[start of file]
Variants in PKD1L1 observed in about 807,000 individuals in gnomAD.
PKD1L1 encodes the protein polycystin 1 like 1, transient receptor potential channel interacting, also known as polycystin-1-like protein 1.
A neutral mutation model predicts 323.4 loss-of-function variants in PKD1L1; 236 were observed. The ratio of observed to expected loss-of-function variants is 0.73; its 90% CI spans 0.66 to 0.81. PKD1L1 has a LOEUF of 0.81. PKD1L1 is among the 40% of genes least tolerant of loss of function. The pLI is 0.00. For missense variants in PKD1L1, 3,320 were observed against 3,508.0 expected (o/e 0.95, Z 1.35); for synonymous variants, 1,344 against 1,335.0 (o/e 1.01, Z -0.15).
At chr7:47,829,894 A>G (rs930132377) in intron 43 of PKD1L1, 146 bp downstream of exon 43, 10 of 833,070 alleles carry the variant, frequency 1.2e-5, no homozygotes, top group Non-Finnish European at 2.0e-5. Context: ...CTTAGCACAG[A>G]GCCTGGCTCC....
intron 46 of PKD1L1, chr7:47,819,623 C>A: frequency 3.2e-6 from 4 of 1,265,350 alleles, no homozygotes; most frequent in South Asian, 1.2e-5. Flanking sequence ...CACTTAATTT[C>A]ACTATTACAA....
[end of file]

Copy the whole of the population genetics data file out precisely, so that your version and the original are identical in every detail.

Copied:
Variants in PKD1L1 observed in about 807,000 individuals in gnomAD.
PKD1L1 encodes the protein polycystin 1 like 1, transient receptor potential channel interacting, also known as polycystin-1-like protein 1.
A neutral mutation model predicts 323.4 loss-of-function variants in PKD1L1; 236 were observed. The ratio of observed to expected loss-of-function variants is 0.73; its 90% CI spans 0.66 to 0.81. PKD1L1 has a LOEUF of 0.81. PKD1L1 is among the 40% of genes least tolerant of loss of function. The pLI is 0.00. For missense variants in PKD1L1, 3,320 were observed against 3,508.0 expected (o/e 0.95, Z 1.35); for synonymous variants, 1,344 against 1,335.0 (o/e 1.01, Z -0.15).
At chr7:47,829,894 A>G (rs930132377) in intron 43 of PKD1L1, 146 bp downstream of exon 43, 10 of 833,070 alleles carry the variant, frequency 1.2e-5, no homozygotes, top group Non-Finnish European at 2.0e-5. Context: ...CTTAGCACAG[A>G]GCCTGGCTCC....
intron 46 of PKD1L1, chr7:47,819,623 C>A: frequency 3.2e-6 from 4 of 1,265,350 alleles, no homozygotes; most frequent in South Asian, 1.2e-5. Flanking sequence ...CACTTAATTT[C>A]ACTATTACAA....